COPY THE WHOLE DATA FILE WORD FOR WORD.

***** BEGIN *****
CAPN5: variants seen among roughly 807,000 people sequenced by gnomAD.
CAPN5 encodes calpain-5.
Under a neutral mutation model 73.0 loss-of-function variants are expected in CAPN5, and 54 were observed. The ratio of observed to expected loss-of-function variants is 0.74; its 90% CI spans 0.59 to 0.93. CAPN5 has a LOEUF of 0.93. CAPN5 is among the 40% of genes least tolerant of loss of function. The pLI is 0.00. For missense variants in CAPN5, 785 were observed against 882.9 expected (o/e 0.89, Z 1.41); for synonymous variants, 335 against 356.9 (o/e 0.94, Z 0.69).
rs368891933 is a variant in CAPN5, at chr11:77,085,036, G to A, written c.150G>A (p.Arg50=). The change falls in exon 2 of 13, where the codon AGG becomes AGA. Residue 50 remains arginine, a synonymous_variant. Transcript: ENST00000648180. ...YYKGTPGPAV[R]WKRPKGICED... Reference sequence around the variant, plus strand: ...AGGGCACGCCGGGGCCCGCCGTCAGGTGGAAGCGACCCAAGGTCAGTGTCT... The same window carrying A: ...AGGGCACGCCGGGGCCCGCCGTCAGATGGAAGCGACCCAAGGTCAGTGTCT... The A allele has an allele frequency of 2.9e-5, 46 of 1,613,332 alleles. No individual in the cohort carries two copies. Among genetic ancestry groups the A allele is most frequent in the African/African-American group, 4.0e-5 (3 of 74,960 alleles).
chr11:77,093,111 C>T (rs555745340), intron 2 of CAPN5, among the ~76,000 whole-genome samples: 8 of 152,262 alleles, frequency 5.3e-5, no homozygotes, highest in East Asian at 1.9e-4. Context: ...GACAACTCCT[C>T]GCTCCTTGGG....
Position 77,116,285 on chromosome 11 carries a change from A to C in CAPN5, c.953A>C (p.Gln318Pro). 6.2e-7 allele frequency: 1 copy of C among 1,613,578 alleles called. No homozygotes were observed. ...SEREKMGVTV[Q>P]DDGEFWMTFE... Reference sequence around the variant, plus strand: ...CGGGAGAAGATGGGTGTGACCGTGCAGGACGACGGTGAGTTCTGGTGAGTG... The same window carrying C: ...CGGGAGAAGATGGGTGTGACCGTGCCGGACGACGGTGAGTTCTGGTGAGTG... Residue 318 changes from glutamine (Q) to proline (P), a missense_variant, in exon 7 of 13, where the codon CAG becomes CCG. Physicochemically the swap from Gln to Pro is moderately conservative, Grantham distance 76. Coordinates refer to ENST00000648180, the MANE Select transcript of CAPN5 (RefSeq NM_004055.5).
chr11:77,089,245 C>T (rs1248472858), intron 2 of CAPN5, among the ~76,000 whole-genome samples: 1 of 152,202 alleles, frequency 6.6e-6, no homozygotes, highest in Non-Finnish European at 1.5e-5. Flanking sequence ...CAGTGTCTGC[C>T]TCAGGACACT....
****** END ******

CAPN5: variants seen among roughly 807,000 people sequenced by gnomAD.
CAPN5 encodes calpain-5.
Under a neutral mutation model 73.0 loss-of-function variants are expected in CAPN5, and 54 were observed. The ratio of observed to expected loss-of-function variants is 0.74; its 90% CI spans 0.59 to 0.93. CAPN5 has a LOEUF of 0.93. CAPN5 is among the 40% of genes least tolerant of loss of function. The pLI is 0.00. For missense variants in CAPN5, 785 were observed against 882.9 expected (o/e 0.89, Z 1.41); for synonymous variants, 335 against 356.9 (o/e 0.94, Z 0.69).
rs368891933 is a variant in CAPN5, at chr11:77,085,036, G to A, written c.150G>A (p.Arg50=). The change falls in exon 2 of 13, where the codon AGG becomes AGA. Residue 50 remains arginine, a synonymous_variant. Transcript: ENST00000648180. ...YYKGTPGPAV[R]WKRPKGICED... Reference sequence around the variant, plus strand: ...AGGGCACGCCGGGGCCCGCCGTCAGGTGGAAGCGACCCAAGGTCAGTGTCT... The same window carrying A: ...AGGGCACGCCGGGGCCCGCCGTCAGATGGAAGCGACCCAAGGTCAGTGTCT... The A allele has an allele frequency of 2.9e-5, 46 of 1,613,332 alleles. No individual in the cohort carries two copies. Among genetic ancestry groups the A allele is most frequent in the African/African-American group, 4.0e-5 (3 of 74,960 alleles).
chr11:77,093,111 C>T (rs555745340), intron 2 of CAPN5, among the ~76,000 whole-genome samples: 8 of 152,262 alleles, frequency 5.3e-5, no homozygotes, highest in East Asian at 1.9e-4. Context: ...GACAACTCCT[C>T]GCTCCTTGGG....
Position 77,116,285 on chromosome 11 carries a change from A to C in CAPN5, c.953A>C (p.Gln318Pro). 6.2e-7 allele frequency: 1 copy of C among 1,613,578 alleles called. No homozygotes were observed. ...SEREKMGVTV[Q>P]DDGEFWMTFE... Reference sequence around the variant, plus strand: ...CGGGAGAAGATGGGTGTGACCGTGCAGGACGACGGTGAGTTCTGGTGAGTG... The same window carrying C: ...CGGGAGAAGATGGGTGTGACCGTGCCGGACGACGGTGAGTTCTGGTGAGTG... Residue 318 changes from glutamine (Q) to proline (P), a missense_variant, in exon 7 of 13, where the codon CAG becomes CCG. Physicochemically the swap from Gln to Pro is moderately conservative, Grantham distance 76. Coordinates refer to ENST00000648180, the MANE Select transcript of CAPN5 (RefSeq NM_004055.5).
chr11:77,089,245 C>T (rs1248472858), intron 2 of CAPN5, among the ~76,000 whole-genome samples: 1 of 152,202 alleles, frequency 6.6e-6, no homozygotes, highest in Non-Finnish European at 1.5e-5. Flanking sequence ...CAGTGTCTGC[C>T]TCAGGACACT....